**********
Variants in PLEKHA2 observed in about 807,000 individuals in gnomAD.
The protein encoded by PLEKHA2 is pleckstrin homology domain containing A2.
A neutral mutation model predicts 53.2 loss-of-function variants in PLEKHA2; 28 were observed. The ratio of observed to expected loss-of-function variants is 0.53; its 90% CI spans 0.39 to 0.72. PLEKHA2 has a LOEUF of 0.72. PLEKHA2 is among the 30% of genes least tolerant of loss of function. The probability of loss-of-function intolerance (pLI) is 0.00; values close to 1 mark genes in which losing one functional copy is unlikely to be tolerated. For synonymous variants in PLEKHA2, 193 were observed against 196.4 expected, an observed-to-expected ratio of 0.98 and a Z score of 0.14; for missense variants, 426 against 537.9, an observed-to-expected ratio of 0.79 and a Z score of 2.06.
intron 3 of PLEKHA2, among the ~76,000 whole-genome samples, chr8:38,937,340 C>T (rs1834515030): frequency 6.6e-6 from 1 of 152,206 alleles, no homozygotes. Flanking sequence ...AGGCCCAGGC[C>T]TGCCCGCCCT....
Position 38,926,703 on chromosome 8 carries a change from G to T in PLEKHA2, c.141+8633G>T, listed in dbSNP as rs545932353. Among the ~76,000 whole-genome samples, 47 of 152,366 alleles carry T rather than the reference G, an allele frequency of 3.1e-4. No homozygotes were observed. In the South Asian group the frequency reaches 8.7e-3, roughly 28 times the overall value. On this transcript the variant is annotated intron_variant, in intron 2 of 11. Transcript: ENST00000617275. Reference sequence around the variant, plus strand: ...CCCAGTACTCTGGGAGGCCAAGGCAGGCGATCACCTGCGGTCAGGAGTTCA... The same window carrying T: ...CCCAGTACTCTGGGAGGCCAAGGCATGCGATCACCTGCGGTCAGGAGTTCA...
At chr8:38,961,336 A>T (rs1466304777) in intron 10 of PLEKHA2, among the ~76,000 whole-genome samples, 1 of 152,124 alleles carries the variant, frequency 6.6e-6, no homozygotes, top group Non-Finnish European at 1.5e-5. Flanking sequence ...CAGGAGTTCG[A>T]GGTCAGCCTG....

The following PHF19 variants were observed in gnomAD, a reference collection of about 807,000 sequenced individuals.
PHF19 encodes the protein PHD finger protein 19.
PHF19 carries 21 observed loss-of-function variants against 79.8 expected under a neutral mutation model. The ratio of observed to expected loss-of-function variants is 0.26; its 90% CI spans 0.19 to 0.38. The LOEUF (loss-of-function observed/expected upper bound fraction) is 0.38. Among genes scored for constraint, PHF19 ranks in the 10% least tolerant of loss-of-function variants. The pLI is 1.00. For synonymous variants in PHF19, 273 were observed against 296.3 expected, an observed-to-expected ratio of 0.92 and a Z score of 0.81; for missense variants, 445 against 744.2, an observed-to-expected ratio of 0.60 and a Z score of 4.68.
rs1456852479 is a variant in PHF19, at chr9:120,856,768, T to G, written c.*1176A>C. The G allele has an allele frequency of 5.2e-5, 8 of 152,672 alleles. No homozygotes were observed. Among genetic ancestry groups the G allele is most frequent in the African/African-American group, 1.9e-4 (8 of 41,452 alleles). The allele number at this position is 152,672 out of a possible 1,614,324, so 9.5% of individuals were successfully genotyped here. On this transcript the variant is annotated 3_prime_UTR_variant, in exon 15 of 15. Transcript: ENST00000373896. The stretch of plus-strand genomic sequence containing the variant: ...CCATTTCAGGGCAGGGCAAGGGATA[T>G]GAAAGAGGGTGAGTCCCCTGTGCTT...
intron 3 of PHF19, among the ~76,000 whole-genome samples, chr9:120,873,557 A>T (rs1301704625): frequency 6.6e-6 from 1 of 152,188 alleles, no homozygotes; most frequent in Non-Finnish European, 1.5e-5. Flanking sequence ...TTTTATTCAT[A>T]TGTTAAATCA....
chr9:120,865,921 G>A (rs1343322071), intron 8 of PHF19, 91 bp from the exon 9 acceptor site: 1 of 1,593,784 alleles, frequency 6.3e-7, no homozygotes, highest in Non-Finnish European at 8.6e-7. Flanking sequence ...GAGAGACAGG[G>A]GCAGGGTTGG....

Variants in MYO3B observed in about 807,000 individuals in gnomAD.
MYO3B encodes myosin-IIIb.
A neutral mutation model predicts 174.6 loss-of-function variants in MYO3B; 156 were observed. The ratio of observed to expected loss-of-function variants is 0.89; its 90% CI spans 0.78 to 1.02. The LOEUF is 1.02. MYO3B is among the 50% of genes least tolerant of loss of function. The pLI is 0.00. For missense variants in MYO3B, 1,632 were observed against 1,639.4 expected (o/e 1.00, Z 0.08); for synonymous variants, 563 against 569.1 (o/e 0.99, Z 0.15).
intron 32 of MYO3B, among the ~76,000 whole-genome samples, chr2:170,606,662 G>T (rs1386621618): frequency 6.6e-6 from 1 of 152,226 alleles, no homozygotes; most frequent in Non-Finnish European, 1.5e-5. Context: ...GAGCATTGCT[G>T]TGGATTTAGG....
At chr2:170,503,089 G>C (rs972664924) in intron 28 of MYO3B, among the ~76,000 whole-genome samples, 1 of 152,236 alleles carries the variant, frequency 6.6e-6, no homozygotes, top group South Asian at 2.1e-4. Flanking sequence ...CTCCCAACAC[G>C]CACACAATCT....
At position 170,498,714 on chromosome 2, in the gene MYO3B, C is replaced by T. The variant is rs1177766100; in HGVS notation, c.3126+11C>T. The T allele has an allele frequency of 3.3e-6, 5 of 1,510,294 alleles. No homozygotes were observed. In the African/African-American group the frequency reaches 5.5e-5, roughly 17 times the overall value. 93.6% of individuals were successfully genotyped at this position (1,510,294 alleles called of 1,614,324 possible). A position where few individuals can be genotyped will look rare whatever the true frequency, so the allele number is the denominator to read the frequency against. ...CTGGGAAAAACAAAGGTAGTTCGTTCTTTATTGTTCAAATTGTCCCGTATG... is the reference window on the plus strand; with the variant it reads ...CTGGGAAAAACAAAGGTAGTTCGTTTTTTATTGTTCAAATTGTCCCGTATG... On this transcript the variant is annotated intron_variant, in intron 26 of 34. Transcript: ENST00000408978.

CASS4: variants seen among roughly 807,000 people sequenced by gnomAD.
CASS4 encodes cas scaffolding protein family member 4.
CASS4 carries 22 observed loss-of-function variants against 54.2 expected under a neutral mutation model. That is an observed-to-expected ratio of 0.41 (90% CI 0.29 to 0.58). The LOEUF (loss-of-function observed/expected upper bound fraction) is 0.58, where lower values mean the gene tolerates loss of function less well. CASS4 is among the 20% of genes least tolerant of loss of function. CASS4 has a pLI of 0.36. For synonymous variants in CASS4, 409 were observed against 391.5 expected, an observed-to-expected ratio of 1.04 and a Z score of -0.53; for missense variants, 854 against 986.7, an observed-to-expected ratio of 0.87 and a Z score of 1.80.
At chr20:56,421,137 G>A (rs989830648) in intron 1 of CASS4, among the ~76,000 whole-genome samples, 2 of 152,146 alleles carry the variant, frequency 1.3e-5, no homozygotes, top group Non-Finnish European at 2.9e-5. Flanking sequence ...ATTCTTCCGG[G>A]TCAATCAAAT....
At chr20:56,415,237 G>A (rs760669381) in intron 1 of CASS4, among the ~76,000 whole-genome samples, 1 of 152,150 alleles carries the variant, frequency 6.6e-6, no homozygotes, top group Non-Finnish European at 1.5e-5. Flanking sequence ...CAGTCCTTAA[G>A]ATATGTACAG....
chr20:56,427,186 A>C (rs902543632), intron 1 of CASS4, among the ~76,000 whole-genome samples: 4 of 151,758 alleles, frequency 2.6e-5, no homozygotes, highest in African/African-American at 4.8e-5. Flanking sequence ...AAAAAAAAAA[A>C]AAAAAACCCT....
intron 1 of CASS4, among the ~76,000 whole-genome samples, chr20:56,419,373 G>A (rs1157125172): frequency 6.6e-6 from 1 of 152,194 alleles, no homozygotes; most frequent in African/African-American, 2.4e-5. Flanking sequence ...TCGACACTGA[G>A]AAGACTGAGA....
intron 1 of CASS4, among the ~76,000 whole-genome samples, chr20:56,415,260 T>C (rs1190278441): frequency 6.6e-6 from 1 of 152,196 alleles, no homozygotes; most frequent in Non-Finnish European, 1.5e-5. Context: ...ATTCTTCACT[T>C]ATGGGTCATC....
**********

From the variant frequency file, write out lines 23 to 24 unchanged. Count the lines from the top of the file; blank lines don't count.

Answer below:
At chr20:56,415,237 G>A (rs760669381) in intron 1 of CASS4, among the ~76,000 whole-genome samples, 1 of 152,150 alleles carries the variant, frequency 6.6e-6, no homozygotes, top group Non-Finnish European at 1.5e-5. Flanking sequence ...CAGTCCTTAA[G>A]ATATGTACAG....
chr20:56,427,186 A>C (rs902543632), intron 1 of CASS4, among the ~76,000 whole-genome samples: 4 of 151,758 alleles, frequency 2.6e-5, no homozygotes, highest in African/African-American at 4.8e-5. Flanking sequence ...AAAAAAAAAA[A>C]AAAAAACCCT....